By Aaron Elder
Both are likely appropriate translations, I mean it isn’t uncommon for a Biblical passage to be saying one thing and winking at a second meaning. Here, let me pose the question: in verse one, is it that when a person says in their heart, “there is no God” they become a fool? Or is it that foolish behavior communicates to the outside world, “there is no God?” There’s no question which interpretation clearly draws the dividing lines – that’s familiar and certainly certain territory I’ve lived in.
I wasn’t really sure what to write so I went to one of my resources, chabad.org, to see what they had to say. Let’s just say it muddied the waters. According to some Jewish tradition, this Psalm was written about Israel’s lack of faithfulness when Babylon descended on Jerusalem to sack the city.
Why does that matter? Well, first of all, I always thought this Psalm was about those non-Christians over there (cue annoying buzzer). Wrong!
Second, if the above is true, the first view can’t be the primary one, can it? Somebody try to convince me that you would have found even one Jew who would say, “there is no God.” In fact, you would have been hard-pressed to find ANYBODY at this time in history who would say, “there is no God.” Now, one could argue that many didn’t believe in the true God. Granted. What are you going to do with the Jews? The sign on this road reads, “Warning: Hermeneutical Gymnastics Ahead.”
Back to the point. The old saying goes, “Actions speak louder than words.” What if it goes deeper than that? What if how we live our lives is our personal faith statement? Not what I say I believe, but what I actually do. What if what I do communicates to the world around me what I actually believe God is like? Here’s the humbling part – lest I think “what I do” means the activities I choose to engage in or not (i.e. go to church, don’t go to the bookstore owned by a democrat, etc.) – it’s primarily the actions I do when I’m not paying attention. While not exhaustive, this would include what we refer to as “character traits.”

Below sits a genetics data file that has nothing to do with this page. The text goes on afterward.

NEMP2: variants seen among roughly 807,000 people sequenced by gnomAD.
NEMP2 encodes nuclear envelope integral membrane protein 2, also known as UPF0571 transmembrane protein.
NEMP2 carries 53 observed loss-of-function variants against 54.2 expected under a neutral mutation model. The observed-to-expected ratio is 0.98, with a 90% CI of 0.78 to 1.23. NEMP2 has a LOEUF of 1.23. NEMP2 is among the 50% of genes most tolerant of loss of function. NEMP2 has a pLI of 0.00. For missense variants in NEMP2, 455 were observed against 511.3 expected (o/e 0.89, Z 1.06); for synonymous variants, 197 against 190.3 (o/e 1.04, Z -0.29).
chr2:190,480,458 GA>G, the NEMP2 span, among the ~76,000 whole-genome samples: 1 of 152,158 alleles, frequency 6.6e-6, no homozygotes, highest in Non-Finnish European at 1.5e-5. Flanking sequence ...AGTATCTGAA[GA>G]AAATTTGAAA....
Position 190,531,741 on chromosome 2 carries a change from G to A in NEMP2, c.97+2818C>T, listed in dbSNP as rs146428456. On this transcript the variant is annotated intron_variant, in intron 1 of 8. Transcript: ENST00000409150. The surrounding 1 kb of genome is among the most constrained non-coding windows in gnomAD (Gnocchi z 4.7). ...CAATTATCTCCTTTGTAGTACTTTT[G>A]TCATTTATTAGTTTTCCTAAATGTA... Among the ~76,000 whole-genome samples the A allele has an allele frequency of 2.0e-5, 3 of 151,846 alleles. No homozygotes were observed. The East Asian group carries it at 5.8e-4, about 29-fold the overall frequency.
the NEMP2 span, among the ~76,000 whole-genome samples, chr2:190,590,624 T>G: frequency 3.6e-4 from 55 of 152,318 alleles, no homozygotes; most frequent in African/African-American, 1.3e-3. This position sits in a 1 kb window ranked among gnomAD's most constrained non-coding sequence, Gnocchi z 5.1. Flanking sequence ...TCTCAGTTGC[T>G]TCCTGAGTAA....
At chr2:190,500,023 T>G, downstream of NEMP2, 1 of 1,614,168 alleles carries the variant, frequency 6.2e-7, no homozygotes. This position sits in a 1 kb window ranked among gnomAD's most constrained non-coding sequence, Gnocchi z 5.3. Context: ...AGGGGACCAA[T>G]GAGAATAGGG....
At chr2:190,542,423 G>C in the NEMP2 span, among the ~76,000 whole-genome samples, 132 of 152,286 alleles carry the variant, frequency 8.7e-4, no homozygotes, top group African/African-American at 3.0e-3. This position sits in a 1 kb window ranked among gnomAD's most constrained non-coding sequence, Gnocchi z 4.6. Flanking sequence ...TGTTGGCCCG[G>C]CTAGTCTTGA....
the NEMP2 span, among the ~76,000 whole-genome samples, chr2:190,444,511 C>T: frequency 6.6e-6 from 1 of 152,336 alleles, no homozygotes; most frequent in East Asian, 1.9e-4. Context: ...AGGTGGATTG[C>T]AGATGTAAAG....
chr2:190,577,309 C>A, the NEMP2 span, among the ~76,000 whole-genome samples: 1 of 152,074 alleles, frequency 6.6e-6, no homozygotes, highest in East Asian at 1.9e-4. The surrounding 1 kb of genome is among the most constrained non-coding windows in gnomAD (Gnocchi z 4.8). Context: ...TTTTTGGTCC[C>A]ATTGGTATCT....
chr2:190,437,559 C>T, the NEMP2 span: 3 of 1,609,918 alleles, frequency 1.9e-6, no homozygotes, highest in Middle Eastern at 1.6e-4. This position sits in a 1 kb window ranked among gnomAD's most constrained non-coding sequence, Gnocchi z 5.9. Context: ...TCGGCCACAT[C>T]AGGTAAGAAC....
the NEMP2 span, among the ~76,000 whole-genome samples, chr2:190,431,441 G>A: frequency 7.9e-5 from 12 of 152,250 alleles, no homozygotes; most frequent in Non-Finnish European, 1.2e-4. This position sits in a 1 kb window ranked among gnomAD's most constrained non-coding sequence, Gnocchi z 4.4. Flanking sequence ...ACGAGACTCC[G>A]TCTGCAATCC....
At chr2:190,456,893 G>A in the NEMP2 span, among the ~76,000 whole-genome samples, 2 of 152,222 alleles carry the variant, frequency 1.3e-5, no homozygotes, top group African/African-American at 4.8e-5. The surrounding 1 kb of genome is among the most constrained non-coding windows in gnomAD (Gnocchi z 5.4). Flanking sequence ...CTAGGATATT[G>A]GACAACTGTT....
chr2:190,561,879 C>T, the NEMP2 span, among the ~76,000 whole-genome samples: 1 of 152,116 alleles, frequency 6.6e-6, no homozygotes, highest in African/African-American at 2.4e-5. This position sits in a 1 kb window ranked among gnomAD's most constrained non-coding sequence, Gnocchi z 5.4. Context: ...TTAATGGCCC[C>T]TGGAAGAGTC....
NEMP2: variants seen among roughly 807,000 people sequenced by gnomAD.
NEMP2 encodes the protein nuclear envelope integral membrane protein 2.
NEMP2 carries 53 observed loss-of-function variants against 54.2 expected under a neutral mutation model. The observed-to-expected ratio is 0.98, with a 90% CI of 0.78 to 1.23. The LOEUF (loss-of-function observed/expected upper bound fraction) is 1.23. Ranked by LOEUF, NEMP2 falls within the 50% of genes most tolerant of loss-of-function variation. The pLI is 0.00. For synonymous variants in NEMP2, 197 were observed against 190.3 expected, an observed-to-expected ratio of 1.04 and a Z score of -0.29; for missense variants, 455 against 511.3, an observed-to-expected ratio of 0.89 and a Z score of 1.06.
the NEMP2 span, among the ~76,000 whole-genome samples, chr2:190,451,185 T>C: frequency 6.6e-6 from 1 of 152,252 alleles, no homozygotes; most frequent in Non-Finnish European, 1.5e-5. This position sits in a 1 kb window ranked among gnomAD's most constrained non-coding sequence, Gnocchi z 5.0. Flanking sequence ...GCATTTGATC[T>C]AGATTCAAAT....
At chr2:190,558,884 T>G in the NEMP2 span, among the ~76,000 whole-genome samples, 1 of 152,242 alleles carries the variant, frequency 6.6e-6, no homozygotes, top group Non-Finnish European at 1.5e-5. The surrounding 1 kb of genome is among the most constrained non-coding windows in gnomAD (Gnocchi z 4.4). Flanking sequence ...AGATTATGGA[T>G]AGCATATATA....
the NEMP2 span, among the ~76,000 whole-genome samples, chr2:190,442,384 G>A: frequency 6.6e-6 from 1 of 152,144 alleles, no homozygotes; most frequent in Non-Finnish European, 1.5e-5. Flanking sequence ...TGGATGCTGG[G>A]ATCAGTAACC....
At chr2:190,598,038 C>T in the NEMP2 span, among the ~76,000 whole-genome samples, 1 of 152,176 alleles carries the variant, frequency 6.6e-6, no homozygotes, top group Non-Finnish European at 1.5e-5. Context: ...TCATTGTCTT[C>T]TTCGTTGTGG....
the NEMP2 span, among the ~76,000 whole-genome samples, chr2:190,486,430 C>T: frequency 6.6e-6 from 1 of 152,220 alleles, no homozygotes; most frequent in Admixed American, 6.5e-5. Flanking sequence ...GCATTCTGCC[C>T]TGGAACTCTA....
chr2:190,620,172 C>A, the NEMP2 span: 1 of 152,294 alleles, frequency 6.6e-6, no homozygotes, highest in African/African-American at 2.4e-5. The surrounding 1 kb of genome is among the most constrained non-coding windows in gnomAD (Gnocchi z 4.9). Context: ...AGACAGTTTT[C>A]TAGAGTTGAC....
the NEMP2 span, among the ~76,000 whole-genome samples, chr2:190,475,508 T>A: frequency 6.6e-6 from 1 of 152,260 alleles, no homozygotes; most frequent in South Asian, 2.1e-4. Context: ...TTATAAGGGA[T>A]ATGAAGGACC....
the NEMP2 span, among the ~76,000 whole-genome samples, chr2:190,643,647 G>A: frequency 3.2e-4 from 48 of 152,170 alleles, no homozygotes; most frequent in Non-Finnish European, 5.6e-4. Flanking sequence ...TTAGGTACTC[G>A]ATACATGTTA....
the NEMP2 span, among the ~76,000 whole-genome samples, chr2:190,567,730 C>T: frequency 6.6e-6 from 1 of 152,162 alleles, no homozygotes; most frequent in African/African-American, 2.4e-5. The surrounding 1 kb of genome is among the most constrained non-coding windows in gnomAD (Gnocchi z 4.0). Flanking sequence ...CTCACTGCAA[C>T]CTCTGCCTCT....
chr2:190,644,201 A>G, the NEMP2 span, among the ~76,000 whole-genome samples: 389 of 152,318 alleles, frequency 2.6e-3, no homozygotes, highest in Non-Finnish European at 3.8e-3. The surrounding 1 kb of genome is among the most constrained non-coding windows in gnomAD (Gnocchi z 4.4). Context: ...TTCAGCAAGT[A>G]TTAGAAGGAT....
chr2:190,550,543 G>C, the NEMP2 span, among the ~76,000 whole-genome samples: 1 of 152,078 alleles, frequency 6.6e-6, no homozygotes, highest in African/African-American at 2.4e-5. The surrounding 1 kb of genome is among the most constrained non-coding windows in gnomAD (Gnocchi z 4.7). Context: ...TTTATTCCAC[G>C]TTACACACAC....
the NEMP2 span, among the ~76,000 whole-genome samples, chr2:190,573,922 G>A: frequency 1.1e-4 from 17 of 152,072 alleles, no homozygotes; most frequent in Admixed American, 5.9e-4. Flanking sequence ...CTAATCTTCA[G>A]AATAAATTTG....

[Sorry *rummaging* – quick break – just trying to collect the pieces of my shattered ego *rummaging*…]
In this short Psalm, I’m emotionally exhausted by the time I get to verse 7. But with gritted teeth, bearing the weight on my feeble legs, I beat my chest and yell, “Oh, that salvation would come out of Zion! When the Lord restores his people, let Jacob rejoice and Israel be glad!” Indeed salvation has come. May my faith statement act more and more like Jesus.